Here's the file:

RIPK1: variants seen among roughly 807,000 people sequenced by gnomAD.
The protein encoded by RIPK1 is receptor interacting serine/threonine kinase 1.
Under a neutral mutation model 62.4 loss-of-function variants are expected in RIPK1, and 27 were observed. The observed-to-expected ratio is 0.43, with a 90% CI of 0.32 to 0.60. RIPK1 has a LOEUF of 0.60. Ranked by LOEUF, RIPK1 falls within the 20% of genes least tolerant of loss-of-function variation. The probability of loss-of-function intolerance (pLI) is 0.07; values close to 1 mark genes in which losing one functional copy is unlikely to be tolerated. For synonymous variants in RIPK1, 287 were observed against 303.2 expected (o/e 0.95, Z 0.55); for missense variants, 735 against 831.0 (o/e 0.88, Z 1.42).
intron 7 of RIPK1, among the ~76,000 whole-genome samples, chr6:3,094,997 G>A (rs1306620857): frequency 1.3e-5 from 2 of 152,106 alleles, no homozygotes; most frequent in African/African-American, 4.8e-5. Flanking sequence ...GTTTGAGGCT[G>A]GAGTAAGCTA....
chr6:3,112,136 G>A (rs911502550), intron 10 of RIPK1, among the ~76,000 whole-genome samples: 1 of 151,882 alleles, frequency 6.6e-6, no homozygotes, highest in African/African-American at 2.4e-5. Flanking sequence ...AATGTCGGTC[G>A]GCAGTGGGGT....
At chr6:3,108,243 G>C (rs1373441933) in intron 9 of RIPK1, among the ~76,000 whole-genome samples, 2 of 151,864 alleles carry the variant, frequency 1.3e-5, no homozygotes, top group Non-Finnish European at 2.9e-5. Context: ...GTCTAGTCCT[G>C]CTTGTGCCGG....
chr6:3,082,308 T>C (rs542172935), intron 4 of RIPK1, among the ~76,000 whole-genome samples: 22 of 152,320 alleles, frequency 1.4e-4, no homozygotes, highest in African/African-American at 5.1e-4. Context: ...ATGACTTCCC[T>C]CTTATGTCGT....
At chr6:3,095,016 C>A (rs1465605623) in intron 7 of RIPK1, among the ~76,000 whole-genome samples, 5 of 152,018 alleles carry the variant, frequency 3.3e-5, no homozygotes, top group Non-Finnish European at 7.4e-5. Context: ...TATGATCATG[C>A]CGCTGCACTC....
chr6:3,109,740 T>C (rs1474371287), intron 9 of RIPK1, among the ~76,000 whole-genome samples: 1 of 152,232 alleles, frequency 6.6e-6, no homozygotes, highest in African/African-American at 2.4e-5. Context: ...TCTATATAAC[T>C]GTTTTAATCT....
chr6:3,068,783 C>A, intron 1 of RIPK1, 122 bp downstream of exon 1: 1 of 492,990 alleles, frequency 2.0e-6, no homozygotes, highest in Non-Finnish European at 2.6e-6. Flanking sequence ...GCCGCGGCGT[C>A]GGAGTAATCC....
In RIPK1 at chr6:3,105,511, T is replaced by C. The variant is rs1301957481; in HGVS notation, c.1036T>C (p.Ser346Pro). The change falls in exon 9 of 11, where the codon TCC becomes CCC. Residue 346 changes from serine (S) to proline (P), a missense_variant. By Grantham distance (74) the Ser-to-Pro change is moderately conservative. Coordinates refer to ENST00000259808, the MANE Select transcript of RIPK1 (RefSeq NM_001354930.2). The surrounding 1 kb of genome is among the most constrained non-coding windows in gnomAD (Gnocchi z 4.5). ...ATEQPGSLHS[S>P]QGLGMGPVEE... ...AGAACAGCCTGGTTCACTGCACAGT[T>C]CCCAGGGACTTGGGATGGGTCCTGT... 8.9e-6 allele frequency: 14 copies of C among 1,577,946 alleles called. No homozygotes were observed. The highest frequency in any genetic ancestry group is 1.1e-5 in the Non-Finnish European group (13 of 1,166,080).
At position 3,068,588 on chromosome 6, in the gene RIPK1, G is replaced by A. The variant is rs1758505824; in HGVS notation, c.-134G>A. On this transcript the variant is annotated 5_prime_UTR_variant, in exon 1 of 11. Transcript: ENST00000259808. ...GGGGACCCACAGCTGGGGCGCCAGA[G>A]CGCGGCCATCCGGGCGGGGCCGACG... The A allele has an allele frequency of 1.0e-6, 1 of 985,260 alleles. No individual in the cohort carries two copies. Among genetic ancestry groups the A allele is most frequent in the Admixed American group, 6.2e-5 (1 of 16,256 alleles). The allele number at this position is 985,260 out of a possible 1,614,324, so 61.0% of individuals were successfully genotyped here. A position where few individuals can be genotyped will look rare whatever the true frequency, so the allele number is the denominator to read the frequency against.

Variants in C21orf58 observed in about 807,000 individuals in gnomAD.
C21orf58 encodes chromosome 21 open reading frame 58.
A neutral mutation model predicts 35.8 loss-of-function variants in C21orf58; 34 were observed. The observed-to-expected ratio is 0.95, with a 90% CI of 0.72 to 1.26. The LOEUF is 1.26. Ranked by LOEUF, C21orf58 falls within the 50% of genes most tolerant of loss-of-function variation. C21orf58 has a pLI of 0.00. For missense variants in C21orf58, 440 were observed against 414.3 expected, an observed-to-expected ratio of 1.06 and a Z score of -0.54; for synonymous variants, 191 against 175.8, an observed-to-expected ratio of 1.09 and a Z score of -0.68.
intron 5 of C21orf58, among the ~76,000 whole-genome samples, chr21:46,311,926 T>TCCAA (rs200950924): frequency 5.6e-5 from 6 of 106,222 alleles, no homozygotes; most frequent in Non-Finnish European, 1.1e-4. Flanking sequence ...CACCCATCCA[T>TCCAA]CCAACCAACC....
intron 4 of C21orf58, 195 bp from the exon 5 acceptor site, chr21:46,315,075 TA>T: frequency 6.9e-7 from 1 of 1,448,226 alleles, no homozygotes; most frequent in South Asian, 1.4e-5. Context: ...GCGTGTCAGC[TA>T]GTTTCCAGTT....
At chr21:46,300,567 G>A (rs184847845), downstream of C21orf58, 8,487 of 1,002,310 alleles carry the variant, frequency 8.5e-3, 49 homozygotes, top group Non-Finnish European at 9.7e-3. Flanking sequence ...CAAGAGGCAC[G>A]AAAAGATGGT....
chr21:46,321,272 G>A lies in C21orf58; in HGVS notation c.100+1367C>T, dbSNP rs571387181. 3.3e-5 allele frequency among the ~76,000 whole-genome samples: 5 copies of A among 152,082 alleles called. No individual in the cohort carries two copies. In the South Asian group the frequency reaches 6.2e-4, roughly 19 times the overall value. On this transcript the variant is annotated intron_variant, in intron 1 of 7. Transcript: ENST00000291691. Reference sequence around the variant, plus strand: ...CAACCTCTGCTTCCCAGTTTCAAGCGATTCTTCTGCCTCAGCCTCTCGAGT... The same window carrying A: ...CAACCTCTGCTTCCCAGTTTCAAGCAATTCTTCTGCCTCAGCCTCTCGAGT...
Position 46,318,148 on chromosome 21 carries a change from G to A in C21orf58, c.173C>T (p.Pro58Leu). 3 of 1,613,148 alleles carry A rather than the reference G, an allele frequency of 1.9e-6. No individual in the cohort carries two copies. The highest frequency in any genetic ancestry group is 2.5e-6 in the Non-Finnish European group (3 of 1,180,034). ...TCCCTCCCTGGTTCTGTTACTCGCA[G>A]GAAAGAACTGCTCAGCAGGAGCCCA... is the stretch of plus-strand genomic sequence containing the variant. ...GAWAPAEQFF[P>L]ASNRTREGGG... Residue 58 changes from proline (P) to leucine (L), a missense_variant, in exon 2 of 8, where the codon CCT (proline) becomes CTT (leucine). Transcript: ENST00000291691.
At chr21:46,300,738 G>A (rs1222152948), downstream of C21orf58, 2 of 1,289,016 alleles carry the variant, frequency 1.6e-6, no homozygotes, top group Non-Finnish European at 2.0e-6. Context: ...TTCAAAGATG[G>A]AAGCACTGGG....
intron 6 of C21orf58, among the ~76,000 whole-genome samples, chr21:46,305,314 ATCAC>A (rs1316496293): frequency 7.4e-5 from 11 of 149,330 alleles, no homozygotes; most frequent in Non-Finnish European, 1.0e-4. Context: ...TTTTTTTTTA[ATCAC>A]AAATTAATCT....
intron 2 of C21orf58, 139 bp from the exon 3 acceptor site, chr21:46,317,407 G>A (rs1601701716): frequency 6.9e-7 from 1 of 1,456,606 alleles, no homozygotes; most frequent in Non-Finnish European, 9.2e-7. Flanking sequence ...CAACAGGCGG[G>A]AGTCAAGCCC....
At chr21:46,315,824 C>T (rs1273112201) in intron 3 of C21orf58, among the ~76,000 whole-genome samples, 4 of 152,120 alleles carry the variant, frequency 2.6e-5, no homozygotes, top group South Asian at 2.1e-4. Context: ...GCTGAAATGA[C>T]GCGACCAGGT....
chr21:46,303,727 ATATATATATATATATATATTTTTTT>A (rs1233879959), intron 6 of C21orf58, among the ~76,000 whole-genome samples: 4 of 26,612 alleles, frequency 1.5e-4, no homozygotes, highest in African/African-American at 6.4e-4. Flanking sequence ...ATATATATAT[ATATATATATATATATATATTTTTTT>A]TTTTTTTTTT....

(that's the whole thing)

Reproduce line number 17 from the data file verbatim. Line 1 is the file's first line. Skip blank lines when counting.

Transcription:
intron 4 of C21orf58, 195 bp from the exon 5 acceptor site, chr21:46,315,075 TA>T: frequency 6.9e-7 from 1 of 1,448,226 alleles, no homozygotes; most frequent in South Asian, 1.4e-5. Context: ...GCGTGTCAGC[TA>T]GTTTCCAGTT....